Yesterday at LinuxWorld Expo in San Francisco, business computing giant Lenovo announced a partnership with Novell to offer preinstalled Linux systems to its customers. Beginning in Q4 of this year, Lenovo will ship its ThinkPad T Series notebooks with the option of SUSE Linux Enterprise Desktop 10 preinstalled. And although this particular distro is geared toward enterprise customers, it will be available for anyone to buy.
Linux support in general is old news for Lenovo, which has long certified its products for Linux compatibility. (Although, until now, you've had to buy your own copy of Linux separately.) But the announcement of preinstalled Linux systems—with official Lenovo support—for end users marks a significant milestone in the slow and steady march toward widespread Linux adoption on the desktop.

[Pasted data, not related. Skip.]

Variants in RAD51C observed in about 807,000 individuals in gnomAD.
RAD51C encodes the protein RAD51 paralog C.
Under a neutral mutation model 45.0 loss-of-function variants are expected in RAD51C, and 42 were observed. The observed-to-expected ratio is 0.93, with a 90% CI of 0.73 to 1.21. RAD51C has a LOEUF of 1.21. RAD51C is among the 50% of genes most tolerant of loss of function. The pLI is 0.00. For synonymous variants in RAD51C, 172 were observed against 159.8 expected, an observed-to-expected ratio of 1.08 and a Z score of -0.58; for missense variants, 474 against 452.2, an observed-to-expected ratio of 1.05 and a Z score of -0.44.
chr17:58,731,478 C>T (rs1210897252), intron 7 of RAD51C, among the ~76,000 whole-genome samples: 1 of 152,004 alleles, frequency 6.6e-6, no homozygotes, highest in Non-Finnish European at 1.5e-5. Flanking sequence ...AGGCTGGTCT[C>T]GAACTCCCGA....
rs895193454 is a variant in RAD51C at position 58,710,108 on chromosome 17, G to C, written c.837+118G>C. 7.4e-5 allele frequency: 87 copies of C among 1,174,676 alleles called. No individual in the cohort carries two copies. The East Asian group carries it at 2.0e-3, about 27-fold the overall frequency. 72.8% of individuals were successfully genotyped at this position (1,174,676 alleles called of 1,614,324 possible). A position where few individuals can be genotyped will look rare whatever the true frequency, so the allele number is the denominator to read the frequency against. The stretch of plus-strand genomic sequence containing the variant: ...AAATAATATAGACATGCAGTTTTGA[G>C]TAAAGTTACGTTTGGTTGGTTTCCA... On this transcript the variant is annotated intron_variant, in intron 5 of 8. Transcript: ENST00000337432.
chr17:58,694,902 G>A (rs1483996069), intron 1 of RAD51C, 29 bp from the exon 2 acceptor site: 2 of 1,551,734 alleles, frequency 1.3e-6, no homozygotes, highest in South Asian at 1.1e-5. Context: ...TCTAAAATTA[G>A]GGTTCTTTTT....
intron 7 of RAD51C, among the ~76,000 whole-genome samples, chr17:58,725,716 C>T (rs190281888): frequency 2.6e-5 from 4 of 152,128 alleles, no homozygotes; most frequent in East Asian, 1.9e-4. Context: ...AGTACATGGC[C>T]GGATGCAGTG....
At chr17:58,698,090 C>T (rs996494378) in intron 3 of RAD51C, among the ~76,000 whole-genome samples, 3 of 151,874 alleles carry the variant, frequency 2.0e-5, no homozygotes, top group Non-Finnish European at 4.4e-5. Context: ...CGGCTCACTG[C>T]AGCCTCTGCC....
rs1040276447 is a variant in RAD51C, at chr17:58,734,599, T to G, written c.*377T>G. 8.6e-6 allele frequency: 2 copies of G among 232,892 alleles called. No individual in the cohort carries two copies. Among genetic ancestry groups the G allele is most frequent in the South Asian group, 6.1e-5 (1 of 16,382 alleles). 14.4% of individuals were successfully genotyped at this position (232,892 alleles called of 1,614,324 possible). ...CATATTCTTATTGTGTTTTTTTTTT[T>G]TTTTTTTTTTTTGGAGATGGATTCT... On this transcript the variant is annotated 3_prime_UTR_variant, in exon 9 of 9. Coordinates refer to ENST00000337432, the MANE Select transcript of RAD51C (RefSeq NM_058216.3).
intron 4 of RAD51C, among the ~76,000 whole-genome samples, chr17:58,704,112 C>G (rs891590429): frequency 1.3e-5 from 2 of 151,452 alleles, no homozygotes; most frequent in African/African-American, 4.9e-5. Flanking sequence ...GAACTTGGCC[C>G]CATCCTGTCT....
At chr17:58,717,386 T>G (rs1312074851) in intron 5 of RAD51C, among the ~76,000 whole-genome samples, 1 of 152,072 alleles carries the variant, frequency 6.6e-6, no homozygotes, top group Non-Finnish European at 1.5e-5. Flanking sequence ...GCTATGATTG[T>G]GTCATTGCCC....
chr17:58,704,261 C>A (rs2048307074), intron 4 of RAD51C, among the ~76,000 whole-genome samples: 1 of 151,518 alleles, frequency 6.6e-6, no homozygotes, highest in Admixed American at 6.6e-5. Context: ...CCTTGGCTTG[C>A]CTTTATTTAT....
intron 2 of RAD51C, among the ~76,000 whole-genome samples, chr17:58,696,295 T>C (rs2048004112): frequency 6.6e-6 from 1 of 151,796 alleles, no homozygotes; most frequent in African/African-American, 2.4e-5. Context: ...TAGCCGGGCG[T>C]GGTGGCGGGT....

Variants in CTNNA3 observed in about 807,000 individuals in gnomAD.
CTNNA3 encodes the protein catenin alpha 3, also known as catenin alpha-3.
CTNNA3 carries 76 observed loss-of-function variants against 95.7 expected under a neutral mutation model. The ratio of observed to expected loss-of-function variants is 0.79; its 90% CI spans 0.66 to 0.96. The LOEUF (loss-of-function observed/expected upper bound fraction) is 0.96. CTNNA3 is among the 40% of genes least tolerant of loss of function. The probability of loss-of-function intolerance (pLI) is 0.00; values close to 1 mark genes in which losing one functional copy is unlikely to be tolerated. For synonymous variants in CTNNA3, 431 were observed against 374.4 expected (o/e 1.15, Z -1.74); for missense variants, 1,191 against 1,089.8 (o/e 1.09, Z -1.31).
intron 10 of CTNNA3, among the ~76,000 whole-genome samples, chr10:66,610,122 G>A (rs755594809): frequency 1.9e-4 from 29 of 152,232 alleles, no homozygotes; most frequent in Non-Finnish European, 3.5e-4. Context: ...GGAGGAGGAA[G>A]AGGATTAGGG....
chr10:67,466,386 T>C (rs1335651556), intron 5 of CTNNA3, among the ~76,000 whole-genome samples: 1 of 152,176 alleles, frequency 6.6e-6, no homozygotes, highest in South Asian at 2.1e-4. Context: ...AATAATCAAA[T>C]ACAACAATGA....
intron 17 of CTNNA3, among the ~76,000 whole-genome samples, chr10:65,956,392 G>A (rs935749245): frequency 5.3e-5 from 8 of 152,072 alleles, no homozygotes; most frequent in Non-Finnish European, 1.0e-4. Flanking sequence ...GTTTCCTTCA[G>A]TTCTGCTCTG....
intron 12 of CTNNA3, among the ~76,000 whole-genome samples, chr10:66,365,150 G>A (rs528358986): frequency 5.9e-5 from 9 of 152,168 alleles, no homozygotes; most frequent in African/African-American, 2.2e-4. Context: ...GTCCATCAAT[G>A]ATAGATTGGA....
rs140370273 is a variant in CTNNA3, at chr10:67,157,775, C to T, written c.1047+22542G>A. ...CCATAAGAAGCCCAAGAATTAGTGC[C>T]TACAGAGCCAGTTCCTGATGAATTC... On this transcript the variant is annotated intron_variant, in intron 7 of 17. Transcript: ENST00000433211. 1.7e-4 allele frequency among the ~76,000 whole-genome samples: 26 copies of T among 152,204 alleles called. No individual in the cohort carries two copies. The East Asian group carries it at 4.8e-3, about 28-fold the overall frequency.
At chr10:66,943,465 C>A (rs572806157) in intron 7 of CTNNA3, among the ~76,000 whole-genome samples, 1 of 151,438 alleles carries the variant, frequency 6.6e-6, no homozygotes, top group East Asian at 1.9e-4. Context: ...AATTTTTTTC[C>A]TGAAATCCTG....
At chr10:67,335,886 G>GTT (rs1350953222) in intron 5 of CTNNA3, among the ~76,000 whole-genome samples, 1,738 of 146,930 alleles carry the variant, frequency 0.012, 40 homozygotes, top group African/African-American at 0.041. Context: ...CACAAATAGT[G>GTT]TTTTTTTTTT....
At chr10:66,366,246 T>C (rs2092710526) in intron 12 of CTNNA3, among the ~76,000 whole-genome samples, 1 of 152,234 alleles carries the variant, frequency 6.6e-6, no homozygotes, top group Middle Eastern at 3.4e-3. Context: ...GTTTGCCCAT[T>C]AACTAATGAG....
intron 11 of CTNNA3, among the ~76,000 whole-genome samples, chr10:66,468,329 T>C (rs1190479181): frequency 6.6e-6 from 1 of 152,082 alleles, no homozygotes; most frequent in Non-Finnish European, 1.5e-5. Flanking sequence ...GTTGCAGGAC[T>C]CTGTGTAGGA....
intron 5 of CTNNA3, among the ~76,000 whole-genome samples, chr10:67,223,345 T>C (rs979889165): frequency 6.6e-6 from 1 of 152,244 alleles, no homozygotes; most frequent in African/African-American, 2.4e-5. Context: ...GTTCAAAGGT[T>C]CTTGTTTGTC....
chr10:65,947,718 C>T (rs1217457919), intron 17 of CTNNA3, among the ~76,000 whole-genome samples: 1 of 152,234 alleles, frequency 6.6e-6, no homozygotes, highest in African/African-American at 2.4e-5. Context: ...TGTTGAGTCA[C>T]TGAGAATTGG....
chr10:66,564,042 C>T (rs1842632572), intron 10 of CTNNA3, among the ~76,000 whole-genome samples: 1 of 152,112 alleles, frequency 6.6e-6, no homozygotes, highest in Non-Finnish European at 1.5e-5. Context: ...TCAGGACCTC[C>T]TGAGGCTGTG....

While the Lenovo announcement certainly broadens the spectrum of options for Linux users, it's still a far cry from making Linux mainstream. As it is, Lenovo serves primarily business customers, and boasts relatively little penetration in the home consumer market. Even so, if the company is able to move enough units in the corporate sector, it will make a substantial contribution to the overall profile of Linux on the desktop—and that could give yet another boost to end user adoption.
Currently Dell and Lenovo are the two largest PC vendors to offer preinstalled Linux PCs. Now all we need is a consumer-friendly Linux announcement from HP, and we'll have a trifecta.